“She claims this is a ‘new’ model, but really at the heart of her agenda is the old, failed idea of a state-directed economy.”

What business wants

So, what does the City want from Reeves? Top of the list a reform of business taxes, closing the talent and training gap, setting out its business rates plan and incentives for businesses to invest.

“We need a serious look at business rates,” said a leading City figure. “For the retail and hospitality sectors this is a particularly big issue, but it’s an issue for all businesses with premises.

“There’s a couple of things that we’d like to see. At the moment business rates are based on property values, but they’re only updated every three years.

“We’d like to see that become an annual revaluation so that if values fall, which many commercial premise have done recently, then the rates go down each year values fall.

“We’d also like to see the overall burden of the rates reduced or just the rate itself to go down. It currently always increased by inflation every year. Whereas we’d like to see just have the rate set and any change is just determined by the value of properties.”

A senior corporate banking executive also highlighted the tax burden: “Where the UK’s financial community is looking for some sense of direction is on taxation.

“She has been pretty clear that she won’t raise corporation tax beyond the current 25 per cent but we would like to know where she is on other taxes that hit the sector, like the corporation tax surcharge of 3 per cent and things like the bank levy.

“If she is a supportive as she says about the UK’s financial sector, then she should have something to say and do about those taxes.”

The need to help business to get the human talent they need for growth is also seen as key. A director of one of the UK’s largest manufacturing firms told i he would like to see a whole new approach on apprenticeships and training.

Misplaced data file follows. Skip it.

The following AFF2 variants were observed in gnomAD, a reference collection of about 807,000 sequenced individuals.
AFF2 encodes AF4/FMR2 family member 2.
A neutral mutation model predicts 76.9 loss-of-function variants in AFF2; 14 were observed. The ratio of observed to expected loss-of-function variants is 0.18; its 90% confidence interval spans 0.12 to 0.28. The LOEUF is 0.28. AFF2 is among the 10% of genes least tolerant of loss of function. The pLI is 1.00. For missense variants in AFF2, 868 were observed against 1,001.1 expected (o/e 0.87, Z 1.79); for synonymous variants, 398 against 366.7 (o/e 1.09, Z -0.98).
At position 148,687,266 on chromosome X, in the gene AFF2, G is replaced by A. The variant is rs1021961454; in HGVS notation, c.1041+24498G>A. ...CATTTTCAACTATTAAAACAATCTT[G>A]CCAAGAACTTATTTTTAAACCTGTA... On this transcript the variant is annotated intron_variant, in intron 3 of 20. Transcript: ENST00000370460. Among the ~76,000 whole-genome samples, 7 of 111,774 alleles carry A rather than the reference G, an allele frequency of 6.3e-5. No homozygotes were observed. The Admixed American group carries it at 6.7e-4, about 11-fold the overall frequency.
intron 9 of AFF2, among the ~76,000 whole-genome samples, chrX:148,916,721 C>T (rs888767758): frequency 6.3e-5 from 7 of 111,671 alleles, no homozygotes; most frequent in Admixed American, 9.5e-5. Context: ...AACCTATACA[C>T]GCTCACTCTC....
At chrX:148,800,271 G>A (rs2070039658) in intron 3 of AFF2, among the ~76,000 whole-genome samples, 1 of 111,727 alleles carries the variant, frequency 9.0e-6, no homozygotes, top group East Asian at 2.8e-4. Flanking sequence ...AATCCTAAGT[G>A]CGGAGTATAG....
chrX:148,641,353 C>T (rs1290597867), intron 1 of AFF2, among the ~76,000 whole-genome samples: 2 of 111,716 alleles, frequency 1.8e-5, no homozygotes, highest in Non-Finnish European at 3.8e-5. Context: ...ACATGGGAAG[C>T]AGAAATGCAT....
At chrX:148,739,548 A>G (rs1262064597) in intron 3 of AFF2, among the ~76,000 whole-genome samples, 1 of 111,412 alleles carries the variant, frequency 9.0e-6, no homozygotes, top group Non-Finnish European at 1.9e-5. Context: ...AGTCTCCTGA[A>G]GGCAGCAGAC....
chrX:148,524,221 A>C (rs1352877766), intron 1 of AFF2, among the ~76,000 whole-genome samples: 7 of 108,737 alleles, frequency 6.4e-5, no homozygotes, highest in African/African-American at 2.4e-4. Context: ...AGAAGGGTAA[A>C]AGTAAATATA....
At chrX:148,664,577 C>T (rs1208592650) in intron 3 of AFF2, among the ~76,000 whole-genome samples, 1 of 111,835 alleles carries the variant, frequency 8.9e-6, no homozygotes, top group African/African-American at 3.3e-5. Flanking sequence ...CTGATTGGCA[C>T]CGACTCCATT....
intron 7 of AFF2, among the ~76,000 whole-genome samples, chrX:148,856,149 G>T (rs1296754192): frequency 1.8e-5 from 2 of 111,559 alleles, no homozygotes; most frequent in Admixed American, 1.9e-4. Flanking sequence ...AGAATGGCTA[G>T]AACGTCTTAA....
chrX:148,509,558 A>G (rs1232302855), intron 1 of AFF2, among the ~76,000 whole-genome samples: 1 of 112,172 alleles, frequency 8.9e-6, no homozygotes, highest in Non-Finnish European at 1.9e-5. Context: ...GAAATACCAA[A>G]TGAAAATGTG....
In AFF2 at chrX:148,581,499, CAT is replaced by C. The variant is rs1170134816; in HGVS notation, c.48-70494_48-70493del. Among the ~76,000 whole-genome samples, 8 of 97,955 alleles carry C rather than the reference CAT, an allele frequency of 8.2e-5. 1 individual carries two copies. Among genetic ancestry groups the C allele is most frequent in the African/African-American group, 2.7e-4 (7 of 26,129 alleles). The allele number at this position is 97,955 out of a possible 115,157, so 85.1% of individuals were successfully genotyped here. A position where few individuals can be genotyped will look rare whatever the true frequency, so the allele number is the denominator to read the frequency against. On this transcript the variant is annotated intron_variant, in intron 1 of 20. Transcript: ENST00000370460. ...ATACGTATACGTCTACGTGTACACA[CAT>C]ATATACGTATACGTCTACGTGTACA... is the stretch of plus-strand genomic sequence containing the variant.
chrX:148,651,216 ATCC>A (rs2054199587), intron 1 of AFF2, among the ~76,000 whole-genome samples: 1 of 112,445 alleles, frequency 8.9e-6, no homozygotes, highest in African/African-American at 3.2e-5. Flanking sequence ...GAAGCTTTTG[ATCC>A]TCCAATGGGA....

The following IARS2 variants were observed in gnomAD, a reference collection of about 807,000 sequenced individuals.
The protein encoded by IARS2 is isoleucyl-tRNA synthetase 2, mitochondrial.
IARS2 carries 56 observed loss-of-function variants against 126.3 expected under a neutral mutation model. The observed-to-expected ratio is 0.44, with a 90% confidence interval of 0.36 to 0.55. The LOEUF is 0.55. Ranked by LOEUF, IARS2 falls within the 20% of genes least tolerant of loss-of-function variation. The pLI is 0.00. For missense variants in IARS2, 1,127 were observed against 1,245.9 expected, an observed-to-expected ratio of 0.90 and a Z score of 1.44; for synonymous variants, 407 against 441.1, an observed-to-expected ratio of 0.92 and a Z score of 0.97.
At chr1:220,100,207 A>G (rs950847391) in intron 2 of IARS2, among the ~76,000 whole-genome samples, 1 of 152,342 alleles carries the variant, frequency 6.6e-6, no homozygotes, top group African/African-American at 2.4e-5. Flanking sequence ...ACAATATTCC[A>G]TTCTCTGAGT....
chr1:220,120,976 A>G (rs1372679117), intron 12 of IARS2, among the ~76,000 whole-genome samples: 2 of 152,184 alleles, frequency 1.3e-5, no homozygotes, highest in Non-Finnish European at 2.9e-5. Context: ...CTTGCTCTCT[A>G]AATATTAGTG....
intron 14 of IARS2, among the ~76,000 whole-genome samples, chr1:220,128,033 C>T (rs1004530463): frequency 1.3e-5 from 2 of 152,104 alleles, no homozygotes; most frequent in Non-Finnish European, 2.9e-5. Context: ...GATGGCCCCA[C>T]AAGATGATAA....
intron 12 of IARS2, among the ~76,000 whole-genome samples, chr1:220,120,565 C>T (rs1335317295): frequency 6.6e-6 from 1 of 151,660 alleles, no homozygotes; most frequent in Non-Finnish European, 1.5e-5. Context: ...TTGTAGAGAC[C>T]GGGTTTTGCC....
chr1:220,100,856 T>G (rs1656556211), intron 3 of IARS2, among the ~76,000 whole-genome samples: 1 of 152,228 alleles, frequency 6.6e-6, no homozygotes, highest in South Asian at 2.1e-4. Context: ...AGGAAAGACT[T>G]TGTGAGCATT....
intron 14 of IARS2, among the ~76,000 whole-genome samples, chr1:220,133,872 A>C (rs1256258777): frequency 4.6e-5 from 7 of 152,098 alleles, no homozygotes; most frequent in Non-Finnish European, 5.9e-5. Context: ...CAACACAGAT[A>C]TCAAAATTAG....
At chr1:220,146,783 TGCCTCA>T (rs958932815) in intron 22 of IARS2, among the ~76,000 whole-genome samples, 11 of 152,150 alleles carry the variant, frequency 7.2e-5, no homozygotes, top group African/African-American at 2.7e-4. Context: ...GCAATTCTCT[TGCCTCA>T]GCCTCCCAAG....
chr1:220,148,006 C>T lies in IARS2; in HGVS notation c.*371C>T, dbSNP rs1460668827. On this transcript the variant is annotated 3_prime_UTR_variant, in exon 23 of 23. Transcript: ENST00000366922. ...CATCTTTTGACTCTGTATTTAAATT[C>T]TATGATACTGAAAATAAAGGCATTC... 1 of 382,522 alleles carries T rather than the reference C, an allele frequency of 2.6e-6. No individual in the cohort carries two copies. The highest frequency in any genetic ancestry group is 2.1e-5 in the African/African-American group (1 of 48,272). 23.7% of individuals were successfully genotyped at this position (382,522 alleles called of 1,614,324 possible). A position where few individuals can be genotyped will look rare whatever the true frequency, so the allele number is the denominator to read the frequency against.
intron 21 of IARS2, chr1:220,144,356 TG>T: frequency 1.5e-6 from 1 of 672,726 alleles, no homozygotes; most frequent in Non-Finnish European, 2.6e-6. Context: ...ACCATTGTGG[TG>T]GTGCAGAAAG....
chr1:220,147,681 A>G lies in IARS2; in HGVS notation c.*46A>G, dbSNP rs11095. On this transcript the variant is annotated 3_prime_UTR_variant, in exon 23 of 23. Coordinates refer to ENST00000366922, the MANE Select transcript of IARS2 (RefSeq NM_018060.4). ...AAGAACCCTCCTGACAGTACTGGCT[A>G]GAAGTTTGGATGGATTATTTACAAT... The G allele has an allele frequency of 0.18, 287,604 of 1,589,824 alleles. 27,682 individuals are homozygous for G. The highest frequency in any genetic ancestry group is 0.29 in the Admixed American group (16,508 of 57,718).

“We have an apprentice pot of money of around £2.7bn, but it too complicated to access and too prescriptive on how companies can bring people in,” he said.

“There’s also barely anything to encourage training and upskilling employees, which is something we are all encouraged to do in the digital age.

“What Reeves could do to impress us it to merge the apprenticeship budget with the training budget. There’s talk she’s minded to create a new bigger budget split 50-50 between the two, but it’d be great to see that confirmed and more detail.”

Blick Rothenberg’s Mr Shah added: “It’s completely unclear how Labour plan to address talent shortages in the UK and their immigration policy to address this challenge.

“Similarly, we do not know how Labour plans to approach inward investment and how it will attract international investment through trade agreements, reciprocal arrangements and incentives.”

Workers’ rights

Another issue of some concern to the business community is Labour’s pledge to introduce full workers’ rights from the first day on the job.

The policy also includes a ban on zero-hours contracts, ending fire and rehire, and scrapping qualifying periods for basic rights such as unfair dismissal, sick pay, and parental leave.

According to Labour insiders this policy, which has been driven by the party’s deputy leader Angela Rayner, “will absolutely be in the manifesto”.

However, some are nervous about it.

Alex Veitch, director of policy and Insights at the British Chambers of Commerce said:

“We’ve already had useful conversations with Labour on their plans for workers’ rights. What’s important is to strike the right balance, to give employers the flexibility to respond to challenges and opportunities.

“To protect jobs, and the economy, any changes to legislation must be proportionate and affordable for companies. Businesses crave stability – and we’re looking to all politicians for a clear long-term growth plan at the next election.”

Louise Hellem, chief economist at the CBI, offered support to Ms Reeves and called on Labour to work with business.

“The Shadow Chancellor is right that the strongest route to sustainable growth is unlocking business investment,” she said. “Key to that is a long-term, sustainable vision of what the UK’s economy could be in 2030 and a plan to realise it, delivered through collaboration between business and government.”

Labour was contacted for comment.